In this week’s issue, there’s a feature celebrating 90 years since the establishment of the England and Wales’ Youth Hostel Association.
That’s nearly a century of providing bargain accommodation in some of the most spectacular parts of our countryside.
For some, Youth Hostels were a formative part of their young adulthood.
My dad, for one, regularly visited them with pals to explore the Lakes and Scotland.
Some of the early principles have fallen by the wayside. Previously you couldn’t drive to one, for example.
Nowadays, as well as split male/female dormitories, you’ll find family rooms and private rooms, too.
What’s not changed are the big communal kitchens and living areas. These, for me, are really the heart of the Hostels.
It’s here you meet people, share stories and glean important local info while you’re prepping your ham sarnies for the day’s adventure.
Probably my last visit to one was the spectacularly located one in Torridon — a Scottish Youth Hostel.
It shuts for the winter, and I went just a week or two before it closed.
I’d driven up the four hours from Fife, and was assigned a dorm with two other gents. One was roughly my age, and was taking some time out to go walking in the hills.
The other was an older gent, maybe late 70s, and we had three bunk beds in the room, so we took one each.
It was my first visit to this mighty part of the country, and I was so grateful for the advice of the man at the front desk.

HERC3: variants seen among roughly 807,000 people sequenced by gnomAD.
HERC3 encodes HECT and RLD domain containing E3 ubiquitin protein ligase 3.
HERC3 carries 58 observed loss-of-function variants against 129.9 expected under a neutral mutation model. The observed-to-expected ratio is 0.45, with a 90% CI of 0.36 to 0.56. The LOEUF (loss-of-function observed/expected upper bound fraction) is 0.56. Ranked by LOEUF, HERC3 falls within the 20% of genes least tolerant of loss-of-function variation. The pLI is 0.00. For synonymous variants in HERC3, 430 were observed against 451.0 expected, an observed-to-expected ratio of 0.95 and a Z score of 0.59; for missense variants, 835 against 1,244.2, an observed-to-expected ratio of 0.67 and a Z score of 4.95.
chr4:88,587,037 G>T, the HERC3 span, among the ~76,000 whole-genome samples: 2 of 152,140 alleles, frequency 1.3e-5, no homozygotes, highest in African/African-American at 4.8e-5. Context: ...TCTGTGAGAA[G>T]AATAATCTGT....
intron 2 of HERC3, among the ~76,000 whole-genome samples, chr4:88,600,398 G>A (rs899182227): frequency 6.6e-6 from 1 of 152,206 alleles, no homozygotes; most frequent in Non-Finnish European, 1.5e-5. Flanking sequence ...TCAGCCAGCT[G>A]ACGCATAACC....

With info on everything from the weather forecast to local cycling routes, he was very useful.
With the whole kitchen to ourselves and a huge living room, the three of us had a wee chat before retiring.
The older gent explained that he was following a route around Scotland he’d done as a young man, staying in the same hostels. He was driving himself the hundreds of miles of a wonderful trip down memory lane.
However, it wasn’t my best night’s sleep! Still, the chat before and after made it a memorable experience for all the right reasons.
I’ve since slept in bothies and mountain huts with groups of other people, and I’ve discovered it’s just me — I’m the princess with the pea, and I need everything just so for a good night’s sleep.
My friend Dan can sleep through anything.
He puts earphones in, drifts off to music and barely budges all night. But then he spent years hostelling in Australia, and developed an immunity to other people’s odd sleeping habits.
My dad always loved his experiences in Hostels, and I’m glad I tried.
However, after a few goes and a couple of even less successful attempts to sleep in my van, I had to face the truth. I need my own space at night!
Nowadays I’m a big B&B fan. You get the local knowledge of the owners and you often get a good chat going with anyone else that’s staying there, too. But you also get your own bed!
But everyone should try hostelling at least once.
It’s such a wonderful, sociable experience.
Have you been hosteling? Do you have fond memories of trips away? If you do, we’d love to hear from you!
Send us an email and any pics to firstname.lastname@example.org!
For more from Features Ed Alex, read his blog here.
For more on the England and Wales’ Youth Hostel Association, visit its website here.